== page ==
Gold Coast real estate: Hard time for first time buyers

It has always been the Australian dream to buy a house, but it seems that dream may not come true for many.

Soaring property prices, interest rate hikes, rising inflation and stagnant wage growth are huge barriers for first-home buyers.

So is there any hope for first-home buyers in our great city?

Last week, we reported on median house prices on the Gold Coast and how for the first time, there are more million-dollar suburbs than not.

PropTrack data showing 37 suburbs to have a house median of more than $1 million, with only 29 suburbs falling short of the mark.

Is it really unaffordable or are people just not willing to sacrifice enough to get themselves on the property ladder?

I always notice the divide in community forums – Baby Boomers saying their interest rates were at times more than 18 per cent.

Millennials and, now Generation Z, say the older generation has no idea.

It is an ongoing battle between the generations, as to who had or has it harder.

But with many of our city’s suburbs hitting the $1m median for houses, it’s no wonder that nine in 10 first-home buyers are stressed about saving for a deposit, as was revealed in the 2022 First-Home Buyer Survey from financial comparison site Canstar.

“Costly living expenses, rising rents, sky-high property prices, lower borrowing limits and coupled with little to no wage growth, means first-time buyers can be discouraged from thinking it’s possible to buy in today’s market,” said Canstar’s editor-at-large, Effie Zahos.

There are still plenty of opportunities for first-time buyers to find their dream home.

But she said, like other buyers before them, “there’s always going to be a way to buy”.

“A saving grace is property prices are starting to fall and buyers will be looking at the trade-off between lower prices and higher mortgage costs compared to rising rents,” she said.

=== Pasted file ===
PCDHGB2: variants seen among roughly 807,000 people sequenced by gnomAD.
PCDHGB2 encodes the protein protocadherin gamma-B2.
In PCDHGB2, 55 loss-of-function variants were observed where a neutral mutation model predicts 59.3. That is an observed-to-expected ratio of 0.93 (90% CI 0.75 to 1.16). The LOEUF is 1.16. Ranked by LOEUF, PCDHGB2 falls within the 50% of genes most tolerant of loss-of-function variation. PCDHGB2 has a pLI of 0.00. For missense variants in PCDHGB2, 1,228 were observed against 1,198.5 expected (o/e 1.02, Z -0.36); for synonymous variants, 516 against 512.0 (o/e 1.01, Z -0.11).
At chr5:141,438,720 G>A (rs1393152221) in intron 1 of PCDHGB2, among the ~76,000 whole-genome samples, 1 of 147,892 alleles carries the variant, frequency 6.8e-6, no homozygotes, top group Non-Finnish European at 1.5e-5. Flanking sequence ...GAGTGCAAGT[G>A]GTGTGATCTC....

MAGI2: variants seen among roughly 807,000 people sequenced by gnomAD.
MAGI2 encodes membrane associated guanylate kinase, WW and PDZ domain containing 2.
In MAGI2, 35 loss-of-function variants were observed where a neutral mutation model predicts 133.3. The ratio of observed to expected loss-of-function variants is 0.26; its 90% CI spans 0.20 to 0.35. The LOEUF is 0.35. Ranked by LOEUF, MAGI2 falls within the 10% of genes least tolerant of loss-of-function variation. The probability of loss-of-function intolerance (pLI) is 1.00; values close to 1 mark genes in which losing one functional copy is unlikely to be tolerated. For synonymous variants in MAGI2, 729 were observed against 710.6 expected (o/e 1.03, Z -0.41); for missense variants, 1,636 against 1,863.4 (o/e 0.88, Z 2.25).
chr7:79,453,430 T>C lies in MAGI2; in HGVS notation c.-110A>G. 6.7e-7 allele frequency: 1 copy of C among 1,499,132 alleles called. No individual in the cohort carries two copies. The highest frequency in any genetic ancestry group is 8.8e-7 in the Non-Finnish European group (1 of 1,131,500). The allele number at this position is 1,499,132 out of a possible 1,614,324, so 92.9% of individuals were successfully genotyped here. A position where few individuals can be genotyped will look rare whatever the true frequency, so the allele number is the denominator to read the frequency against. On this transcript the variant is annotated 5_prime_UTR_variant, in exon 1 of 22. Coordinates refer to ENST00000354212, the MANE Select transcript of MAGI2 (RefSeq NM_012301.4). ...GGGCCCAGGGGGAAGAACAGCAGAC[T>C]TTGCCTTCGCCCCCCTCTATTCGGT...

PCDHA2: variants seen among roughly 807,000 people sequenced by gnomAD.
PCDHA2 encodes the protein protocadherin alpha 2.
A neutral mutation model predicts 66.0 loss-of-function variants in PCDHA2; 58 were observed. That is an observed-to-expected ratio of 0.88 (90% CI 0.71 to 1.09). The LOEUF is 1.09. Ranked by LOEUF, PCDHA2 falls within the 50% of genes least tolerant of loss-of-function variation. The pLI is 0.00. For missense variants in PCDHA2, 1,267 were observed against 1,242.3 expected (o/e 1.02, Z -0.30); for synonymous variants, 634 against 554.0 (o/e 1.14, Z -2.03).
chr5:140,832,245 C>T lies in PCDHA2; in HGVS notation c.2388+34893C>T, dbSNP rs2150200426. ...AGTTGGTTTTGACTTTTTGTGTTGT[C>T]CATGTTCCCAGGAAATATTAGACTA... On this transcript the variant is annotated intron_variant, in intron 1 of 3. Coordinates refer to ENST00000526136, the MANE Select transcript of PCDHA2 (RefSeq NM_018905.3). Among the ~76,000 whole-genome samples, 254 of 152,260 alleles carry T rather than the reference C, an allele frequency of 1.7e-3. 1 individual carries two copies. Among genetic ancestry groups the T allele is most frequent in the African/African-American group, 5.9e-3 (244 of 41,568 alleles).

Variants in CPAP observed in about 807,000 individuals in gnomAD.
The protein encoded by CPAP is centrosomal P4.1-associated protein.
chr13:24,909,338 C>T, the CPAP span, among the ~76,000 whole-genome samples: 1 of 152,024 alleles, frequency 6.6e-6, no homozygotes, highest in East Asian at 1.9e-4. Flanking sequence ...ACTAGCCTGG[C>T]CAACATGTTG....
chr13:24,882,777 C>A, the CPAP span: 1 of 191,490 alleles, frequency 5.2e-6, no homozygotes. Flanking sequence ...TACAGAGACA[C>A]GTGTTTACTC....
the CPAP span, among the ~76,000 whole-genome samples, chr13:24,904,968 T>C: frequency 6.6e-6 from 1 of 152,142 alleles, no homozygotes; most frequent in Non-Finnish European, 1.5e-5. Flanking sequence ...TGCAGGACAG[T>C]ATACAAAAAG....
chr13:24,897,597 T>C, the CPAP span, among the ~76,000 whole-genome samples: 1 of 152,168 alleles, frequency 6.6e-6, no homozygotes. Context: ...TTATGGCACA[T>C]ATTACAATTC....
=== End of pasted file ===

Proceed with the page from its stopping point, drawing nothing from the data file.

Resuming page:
“Striking while the iron is hot and prices are off the boil could be the sweet spot for first-home buyers as long as they take a realistic view of the market and buy what they can afford.”

Like other buyers before them, “there’s always going to be a way to buy” for first-home buyers.

She said saving a 20 per cent deposit for an $800,000 house could put anyone off when they realise it could take them more than a decade to reach their goal.

Recent PropTrack data revealed the unit markets in Surfers Paradise and Southport were the most popular for first-home buyer inquiry, followed by the housing markets in Upper Coomera, Pimpama and Nerang.

“Switching focus to a unit in an entry level suburb with a lower price point to cut the time to save will still be challenging, but it can mean getting on the ladder sooner,” Ms Zahos said.

And consistency is key for first-home buyers and their house deposit savings.

“It’s important to look for ways to cut back wherever possible,” she said.

“While the notion of expensive cafe breakfasts has been a major point of contention in the property affordability debate, Canstar’s research shows our food delivery habits and eating out is in fact a major savings barrier for many prospective buyers.”

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